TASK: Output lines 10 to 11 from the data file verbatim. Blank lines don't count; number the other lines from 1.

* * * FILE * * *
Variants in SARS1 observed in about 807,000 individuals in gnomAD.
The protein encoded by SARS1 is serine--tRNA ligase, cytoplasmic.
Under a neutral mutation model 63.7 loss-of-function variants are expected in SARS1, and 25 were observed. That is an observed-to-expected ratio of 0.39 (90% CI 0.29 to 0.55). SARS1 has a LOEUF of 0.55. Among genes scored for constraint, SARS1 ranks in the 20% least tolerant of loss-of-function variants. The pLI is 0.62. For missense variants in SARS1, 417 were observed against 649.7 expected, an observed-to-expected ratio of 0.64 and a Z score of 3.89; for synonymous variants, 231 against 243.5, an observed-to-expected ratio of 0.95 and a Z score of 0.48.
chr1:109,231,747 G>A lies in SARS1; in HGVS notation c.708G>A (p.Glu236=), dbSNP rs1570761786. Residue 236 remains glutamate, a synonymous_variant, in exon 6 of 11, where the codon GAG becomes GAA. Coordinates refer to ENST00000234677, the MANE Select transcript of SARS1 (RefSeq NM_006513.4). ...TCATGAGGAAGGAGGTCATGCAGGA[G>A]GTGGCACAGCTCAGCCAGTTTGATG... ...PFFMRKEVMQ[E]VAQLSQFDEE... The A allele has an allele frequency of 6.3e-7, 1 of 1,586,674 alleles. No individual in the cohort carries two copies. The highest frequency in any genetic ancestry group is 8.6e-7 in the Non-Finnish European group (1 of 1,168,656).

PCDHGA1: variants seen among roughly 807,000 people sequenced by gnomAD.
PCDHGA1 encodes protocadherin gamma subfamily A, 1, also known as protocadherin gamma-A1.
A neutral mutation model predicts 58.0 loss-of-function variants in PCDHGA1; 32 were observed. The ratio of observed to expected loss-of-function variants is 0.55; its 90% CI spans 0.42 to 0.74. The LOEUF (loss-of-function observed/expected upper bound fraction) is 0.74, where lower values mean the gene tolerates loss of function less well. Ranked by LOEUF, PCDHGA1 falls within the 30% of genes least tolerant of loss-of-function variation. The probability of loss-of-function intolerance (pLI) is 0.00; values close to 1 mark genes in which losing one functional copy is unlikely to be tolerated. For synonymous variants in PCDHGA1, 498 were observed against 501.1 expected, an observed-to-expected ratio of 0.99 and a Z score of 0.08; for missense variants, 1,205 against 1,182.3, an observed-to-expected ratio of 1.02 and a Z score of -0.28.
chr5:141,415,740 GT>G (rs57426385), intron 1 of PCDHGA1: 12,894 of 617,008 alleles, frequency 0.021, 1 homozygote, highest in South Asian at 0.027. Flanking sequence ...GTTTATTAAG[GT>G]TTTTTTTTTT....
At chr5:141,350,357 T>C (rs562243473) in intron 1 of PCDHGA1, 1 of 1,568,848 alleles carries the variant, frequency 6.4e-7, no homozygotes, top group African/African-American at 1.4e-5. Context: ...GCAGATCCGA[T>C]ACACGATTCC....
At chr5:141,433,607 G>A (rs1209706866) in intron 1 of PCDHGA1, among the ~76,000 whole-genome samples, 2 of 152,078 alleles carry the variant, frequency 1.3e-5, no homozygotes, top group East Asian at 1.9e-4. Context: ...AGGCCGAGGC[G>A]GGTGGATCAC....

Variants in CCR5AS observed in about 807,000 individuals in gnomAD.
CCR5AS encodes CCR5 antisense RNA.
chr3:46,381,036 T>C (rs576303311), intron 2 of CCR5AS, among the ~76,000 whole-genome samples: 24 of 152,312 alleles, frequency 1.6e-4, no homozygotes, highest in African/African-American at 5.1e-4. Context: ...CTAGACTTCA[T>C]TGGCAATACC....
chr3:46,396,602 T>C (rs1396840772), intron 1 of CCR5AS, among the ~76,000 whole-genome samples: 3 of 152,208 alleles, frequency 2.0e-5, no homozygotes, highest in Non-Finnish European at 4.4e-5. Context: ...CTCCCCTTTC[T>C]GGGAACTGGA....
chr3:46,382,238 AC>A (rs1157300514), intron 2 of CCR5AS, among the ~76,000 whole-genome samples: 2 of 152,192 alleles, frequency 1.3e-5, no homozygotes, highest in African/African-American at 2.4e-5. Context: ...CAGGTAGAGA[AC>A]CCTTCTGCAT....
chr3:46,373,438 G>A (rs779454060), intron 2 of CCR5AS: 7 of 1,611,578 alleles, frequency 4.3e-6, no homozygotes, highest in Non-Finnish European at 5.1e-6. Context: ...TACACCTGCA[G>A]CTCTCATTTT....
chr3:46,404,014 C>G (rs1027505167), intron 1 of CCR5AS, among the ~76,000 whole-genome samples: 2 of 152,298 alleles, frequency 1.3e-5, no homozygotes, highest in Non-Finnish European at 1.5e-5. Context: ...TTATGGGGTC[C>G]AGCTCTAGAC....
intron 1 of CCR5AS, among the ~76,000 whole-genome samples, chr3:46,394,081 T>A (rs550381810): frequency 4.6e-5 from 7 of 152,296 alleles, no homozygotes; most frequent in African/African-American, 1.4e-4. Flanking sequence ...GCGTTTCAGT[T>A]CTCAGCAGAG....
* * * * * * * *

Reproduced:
At chr5:141,433,607 G>A (rs1209706866) in intron 1 of PCDHGA1, among the ~76,000 whole-genome samples, 2 of 152,078 alleles carry the variant, frequency 1.3e-5, no homozygotes, top group East Asian at 1.9e-4. Context: ...AGGCCGAGGC[G>A]GGTGGATCAC....

Variants in CCR5AS observed in about 807,000 individuals in gnomAD.